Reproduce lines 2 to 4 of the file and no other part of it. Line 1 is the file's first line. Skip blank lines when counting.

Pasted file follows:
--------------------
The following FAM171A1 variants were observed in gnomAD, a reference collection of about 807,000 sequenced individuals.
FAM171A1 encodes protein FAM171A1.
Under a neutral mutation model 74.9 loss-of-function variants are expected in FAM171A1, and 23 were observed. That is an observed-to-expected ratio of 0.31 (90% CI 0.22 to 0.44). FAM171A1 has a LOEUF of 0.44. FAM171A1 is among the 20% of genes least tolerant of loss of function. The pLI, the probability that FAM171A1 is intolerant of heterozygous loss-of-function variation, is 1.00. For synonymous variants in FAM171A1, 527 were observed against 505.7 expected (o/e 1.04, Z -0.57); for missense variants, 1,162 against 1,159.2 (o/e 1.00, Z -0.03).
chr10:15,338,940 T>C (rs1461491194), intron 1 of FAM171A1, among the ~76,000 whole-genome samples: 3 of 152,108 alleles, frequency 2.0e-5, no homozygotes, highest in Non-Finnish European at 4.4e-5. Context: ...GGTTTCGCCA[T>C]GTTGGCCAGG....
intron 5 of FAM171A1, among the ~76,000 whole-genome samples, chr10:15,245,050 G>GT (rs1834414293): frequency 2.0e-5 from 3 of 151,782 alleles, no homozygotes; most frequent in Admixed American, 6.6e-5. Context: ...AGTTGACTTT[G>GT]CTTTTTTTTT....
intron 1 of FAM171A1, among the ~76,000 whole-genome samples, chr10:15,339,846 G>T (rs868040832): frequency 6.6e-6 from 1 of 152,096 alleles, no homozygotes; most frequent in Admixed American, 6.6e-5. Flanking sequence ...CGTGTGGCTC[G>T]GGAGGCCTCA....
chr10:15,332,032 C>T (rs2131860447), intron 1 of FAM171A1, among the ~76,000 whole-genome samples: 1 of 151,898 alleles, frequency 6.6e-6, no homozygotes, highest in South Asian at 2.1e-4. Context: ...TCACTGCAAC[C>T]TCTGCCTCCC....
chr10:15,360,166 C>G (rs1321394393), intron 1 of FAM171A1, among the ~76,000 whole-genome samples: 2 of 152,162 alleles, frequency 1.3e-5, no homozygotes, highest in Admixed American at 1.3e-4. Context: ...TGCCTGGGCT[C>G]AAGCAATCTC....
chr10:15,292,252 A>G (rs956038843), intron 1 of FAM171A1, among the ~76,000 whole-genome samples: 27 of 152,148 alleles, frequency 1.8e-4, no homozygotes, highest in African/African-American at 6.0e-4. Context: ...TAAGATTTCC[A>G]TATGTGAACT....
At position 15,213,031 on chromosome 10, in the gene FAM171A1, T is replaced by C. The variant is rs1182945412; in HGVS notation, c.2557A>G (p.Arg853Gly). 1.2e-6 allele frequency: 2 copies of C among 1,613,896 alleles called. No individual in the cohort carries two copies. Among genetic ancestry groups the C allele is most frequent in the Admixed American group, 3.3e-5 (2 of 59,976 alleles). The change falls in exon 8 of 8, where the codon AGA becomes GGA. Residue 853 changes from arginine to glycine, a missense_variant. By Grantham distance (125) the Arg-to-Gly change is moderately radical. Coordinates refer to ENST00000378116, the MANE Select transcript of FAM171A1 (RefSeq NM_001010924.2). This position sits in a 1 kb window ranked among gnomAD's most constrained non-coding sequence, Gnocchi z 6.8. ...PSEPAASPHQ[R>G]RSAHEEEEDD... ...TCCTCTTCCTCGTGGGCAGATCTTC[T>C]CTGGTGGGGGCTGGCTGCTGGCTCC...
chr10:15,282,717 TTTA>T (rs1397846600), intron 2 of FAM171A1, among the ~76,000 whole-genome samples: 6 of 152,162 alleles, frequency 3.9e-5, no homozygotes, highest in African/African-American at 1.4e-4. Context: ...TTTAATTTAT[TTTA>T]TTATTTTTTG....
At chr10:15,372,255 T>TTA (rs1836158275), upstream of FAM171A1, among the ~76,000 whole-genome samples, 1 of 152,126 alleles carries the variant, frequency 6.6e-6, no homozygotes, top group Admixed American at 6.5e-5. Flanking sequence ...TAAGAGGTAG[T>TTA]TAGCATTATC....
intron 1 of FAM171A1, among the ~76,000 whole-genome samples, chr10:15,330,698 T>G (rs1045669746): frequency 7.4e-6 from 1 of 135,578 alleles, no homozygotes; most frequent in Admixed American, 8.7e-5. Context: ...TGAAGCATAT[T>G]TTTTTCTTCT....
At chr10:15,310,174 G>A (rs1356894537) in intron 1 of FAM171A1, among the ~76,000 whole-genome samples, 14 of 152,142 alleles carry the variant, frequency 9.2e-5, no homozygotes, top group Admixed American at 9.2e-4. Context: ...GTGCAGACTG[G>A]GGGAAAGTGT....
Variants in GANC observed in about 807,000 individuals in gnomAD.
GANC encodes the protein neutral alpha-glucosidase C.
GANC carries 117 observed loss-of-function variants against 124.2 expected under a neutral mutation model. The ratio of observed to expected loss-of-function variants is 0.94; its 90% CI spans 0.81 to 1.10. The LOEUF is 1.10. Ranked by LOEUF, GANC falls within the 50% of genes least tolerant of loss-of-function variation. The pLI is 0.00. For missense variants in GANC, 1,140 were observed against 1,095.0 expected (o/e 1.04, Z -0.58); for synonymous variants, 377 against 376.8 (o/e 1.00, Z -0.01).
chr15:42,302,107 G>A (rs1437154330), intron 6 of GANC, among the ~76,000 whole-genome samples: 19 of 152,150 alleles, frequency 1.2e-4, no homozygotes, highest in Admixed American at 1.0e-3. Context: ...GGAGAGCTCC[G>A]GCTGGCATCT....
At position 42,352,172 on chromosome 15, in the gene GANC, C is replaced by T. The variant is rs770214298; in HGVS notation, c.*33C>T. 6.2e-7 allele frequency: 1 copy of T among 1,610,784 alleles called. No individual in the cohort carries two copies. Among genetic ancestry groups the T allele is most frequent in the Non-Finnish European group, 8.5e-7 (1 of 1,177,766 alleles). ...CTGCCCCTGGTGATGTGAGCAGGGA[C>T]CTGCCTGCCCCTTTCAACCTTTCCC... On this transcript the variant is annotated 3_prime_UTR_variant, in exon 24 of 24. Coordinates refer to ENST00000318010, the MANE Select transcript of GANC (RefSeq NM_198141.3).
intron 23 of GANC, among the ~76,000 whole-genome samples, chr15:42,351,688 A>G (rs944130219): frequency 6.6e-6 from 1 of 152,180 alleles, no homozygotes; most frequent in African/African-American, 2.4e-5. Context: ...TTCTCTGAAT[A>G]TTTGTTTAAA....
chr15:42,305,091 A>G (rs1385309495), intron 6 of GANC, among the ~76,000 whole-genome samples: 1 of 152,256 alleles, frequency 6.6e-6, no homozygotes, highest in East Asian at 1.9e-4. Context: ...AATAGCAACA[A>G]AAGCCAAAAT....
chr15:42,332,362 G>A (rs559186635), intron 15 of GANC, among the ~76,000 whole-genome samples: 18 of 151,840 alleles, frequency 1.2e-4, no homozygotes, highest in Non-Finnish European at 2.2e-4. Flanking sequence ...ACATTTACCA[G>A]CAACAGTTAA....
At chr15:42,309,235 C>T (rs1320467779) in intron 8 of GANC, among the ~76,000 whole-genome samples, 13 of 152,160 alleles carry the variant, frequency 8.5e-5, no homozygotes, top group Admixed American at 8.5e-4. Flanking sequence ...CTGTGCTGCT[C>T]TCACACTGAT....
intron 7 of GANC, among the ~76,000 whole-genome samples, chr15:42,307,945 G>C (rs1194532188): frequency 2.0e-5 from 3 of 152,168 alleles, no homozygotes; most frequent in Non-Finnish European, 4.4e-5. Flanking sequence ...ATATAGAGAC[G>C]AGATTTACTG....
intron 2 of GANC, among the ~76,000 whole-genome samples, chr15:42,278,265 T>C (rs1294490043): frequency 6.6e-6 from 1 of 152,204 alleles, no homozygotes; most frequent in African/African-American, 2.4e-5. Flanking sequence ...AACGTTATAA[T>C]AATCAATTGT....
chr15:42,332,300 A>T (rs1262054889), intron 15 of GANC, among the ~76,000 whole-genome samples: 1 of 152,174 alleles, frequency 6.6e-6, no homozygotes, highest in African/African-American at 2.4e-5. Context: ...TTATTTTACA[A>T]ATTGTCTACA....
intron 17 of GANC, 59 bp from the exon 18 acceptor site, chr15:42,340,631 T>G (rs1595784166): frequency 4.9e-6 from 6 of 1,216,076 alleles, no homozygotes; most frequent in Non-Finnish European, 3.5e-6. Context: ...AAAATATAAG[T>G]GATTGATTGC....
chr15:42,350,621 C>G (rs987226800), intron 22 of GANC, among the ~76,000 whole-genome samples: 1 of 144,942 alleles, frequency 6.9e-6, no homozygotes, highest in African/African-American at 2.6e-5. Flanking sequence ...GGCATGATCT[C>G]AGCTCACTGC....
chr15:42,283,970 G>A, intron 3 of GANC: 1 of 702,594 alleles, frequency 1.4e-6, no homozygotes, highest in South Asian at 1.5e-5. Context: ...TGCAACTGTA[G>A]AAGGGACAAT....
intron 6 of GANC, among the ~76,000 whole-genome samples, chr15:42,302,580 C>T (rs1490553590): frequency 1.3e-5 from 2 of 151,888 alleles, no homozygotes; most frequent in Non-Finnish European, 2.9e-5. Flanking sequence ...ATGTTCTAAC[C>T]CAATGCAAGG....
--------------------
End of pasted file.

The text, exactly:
FAM171A1 encodes protein FAM171A1.
Under a neutral mutation model 74.9 loss-of-function variants are expected in FAM171A1, and 23 were observed. That is an observed-to-expected ratio of 0.31 (90% CI 0.22 to 0.44). FAM171A1 has a LOEUF of 0.44. FAM171A1 is among the 20% of genes least tolerant of loss of function. The pLI, the probability that FAM171A1 is intolerant of heterozygous loss-of-function variation, is 1.00. For synonymous variants in FAM171A1, 527 were observed against 505.7 expected (o/e 1.04, Z -0.57); for missense variants, 1,162 against 1,159.2 (o/e 1.00, Z -0.03).
chr10:15,338,940 T>C (rs1461491194), intron 1 of FAM171A1, among the ~76,000 whole-genome samples: 3 of 152,108 alleles, frequency 2.0e-5, no homozygotes, highest in Non-Finnish European at 4.4e-5. Context: ...GGTTTCGCCA[T>C]GTTGGCCAGG....